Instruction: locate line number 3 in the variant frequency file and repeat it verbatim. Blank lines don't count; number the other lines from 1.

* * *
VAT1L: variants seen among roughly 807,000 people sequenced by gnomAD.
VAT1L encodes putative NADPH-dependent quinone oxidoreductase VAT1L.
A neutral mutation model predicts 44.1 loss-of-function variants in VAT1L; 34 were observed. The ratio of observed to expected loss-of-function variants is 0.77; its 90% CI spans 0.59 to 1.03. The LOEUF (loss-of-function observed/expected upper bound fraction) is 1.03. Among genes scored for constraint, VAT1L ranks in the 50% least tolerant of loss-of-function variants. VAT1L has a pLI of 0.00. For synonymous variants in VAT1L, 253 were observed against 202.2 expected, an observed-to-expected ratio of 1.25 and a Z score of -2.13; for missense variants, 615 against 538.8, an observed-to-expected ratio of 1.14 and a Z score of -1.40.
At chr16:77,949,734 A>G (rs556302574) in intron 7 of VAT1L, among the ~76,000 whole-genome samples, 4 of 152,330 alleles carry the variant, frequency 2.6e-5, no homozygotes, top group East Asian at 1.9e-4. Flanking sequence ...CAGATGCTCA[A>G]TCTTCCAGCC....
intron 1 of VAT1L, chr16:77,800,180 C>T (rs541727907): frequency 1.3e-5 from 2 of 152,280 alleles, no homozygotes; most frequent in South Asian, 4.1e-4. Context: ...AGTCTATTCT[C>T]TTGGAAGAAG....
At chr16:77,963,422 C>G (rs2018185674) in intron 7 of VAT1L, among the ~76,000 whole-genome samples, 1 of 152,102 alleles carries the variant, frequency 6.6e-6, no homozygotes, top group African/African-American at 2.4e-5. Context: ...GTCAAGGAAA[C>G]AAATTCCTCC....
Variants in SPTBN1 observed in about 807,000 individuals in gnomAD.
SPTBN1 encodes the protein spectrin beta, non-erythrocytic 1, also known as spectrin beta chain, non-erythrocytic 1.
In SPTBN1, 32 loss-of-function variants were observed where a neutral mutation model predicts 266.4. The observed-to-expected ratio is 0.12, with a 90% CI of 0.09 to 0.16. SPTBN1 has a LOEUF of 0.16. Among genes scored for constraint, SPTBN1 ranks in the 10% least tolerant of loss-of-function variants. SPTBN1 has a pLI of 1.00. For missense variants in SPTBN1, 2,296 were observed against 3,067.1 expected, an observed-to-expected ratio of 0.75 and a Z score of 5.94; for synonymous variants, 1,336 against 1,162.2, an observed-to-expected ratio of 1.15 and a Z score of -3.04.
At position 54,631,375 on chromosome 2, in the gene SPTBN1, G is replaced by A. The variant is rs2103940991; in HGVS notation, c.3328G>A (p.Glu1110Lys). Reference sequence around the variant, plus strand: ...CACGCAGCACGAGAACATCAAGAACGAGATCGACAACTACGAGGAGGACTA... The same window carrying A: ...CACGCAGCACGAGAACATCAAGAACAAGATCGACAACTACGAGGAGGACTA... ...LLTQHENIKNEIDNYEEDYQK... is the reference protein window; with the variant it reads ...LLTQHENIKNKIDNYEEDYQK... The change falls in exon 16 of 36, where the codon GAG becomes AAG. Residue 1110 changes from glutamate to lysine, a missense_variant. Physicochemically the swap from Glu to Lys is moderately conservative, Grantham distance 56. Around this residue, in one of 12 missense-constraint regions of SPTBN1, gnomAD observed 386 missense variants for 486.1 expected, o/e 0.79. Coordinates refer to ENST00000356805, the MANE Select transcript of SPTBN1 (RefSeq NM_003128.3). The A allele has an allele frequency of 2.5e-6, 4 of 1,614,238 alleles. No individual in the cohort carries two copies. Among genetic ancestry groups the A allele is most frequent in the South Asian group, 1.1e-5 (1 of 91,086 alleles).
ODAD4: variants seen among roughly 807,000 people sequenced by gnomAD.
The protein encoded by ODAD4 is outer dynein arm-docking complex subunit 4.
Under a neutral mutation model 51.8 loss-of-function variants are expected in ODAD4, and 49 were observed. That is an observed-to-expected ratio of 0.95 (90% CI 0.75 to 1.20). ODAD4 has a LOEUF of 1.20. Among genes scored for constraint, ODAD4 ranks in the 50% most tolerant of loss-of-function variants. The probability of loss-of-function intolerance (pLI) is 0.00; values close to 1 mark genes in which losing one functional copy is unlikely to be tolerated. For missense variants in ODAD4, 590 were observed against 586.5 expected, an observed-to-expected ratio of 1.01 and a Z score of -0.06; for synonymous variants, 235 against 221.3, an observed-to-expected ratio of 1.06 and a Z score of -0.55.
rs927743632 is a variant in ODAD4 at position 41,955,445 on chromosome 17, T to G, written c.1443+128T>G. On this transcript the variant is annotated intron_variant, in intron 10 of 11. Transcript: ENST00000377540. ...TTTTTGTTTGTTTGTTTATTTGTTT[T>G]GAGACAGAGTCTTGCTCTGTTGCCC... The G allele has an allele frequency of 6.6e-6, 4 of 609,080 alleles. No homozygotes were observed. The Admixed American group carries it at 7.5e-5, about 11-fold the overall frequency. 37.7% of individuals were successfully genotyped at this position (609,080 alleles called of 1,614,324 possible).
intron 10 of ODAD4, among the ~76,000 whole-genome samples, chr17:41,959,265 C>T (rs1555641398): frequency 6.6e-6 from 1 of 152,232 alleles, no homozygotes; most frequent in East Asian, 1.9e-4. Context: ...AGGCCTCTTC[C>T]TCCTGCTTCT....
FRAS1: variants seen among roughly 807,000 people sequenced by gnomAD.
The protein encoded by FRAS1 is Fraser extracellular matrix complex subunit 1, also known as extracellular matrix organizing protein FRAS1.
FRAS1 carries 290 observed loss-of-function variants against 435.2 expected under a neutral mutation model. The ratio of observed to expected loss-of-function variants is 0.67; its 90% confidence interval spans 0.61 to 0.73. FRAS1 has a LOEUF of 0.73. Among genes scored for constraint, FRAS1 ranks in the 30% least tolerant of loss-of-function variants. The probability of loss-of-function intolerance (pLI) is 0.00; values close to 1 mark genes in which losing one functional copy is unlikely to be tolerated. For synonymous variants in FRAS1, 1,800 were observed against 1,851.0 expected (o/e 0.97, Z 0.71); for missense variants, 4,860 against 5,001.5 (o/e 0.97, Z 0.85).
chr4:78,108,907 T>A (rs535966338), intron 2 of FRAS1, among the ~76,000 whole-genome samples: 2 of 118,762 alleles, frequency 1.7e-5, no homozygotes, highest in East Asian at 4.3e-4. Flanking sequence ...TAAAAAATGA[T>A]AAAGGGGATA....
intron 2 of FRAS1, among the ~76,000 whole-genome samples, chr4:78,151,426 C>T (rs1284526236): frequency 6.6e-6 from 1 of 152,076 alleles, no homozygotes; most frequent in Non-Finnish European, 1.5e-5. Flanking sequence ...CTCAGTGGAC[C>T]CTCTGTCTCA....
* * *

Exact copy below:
A neutral mutation model predicts 44.1 loss-of-function variants in VAT1L; 34 were observed. The ratio of observed to expected loss-of-function variants is 0.77; its 90% CI spans 0.59 to 1.03. The LOEUF (loss-of-function observed/expected upper bound fraction) is 1.03. Among genes scored for constraint, VAT1L ranks in the 50% least tolerant of loss-of-function variants. VAT1L has a pLI of 0.00. For synonymous variants in VAT1L, 253 were observed against 202.2 expected, an observed-to-expected ratio of 1.25 and a Z score of -2.13; for missense variants, 615 against 538.8, an observed-to-expected ratio of 1.14 and a Z score of -1.40.